For many members of Scouting, the program is something they’ve been a part of since they were as young as Beavers or Cubs. In my case, however, I joined Scouts at the age of 12.
My parents had the goal of making sure I had the opportunity to try as many different things as possible so I could grow up as a well-rounded person. When they were kids, my parents were raised on opposite sides of the country during a time when kids were not often enrolled in extracurricular activities. As a result, I now get to do things they wished they had participated in—like playing hockey and taking violin lessons.
I became interested in Scouting after reading the history of how the Movement came to be. I knew cousins who were enrolled in Scouting and they told me quite a few fun stories from their camping trips and cool activities they did in meetings—like building Kub Kars. In addition to my cousins’ stories, it was the history of Scouting that captivated me; I learned that Scouting was something that had been around for over a century, and its core values and principles lined up well with my own. Between wanting to join the Scouting adventures I had heard about, and looking for a common activity for me and my friend to share, we chose Scouting.
My takeaway from my Scouting years have been the memories I’ve made and the friendships I’ve built. From day one, I realised I had many common interests with my Troop mates, making long treks and camping trips all the more fun because we had so many things to talk about. On one such trek, we were canoeing in Algonquin Park. While contemplating the best place to go filter water, my partner and I looked up to see a pair of moose nonchalantly bathing in the lakeside no more than a few metres away from us. Our surprise and awe led to a great bonding moment, as well as a standout memory.
I remained in the Scout age group for one more year after that, concluding that season with the Canadian Jamboree in 2013, the highlight of my time as a Scout. The process of getting to CJ and being there gave me a lot of opportunities to learn about myself and things that I enjoyed, getting to know people in a short period of time, collecting Scouting insignia, and my fascination with large live events.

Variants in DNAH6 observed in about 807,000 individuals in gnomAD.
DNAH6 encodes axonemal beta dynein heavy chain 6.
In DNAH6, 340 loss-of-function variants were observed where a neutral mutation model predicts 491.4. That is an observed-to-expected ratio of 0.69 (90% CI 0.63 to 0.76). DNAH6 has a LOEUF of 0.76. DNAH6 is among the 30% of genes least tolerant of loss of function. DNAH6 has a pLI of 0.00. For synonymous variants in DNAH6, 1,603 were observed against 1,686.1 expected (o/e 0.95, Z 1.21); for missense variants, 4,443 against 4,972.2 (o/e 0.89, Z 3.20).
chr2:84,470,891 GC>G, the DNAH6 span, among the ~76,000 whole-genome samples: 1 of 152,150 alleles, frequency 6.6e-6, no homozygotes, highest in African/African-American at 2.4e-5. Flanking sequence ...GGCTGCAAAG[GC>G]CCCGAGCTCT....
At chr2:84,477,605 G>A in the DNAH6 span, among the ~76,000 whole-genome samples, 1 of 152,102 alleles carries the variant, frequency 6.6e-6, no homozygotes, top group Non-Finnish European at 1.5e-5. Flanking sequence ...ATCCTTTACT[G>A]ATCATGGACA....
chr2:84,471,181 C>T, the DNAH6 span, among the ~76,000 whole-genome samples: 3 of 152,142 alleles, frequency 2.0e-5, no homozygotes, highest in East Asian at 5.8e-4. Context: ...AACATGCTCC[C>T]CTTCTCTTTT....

From September all the way until July, CJ had been put on our minds by our Scouters. I wasn’t too bothered by it. I enjoyed learning the logistics and the things we had to learn and keep in mind for embarking on such an adventure. In hindsight, the process of planning, fundraising, and practising for CJ 13’ likely laid the foundation for my intrigue in being part of big events pertaining to my interests. Two years later, I organized a local video game tournament, booking the venue, selling tickets and running the day.
Going back to things I learned from CJ, getting to know people quickly is a good asset to have. While chatting with one person in particular, it solidified another interest I have been able to delve into. This person was a Medical Venturer, Medvents as we call them. On our bus ride from Camp Woods to Calgary Airport, we met this Medvent, who happily talked with us about the vocational Scouting program, the things he enjoyed about it, and things about himself personally. I got off that bus very interested in becoming a Medvent.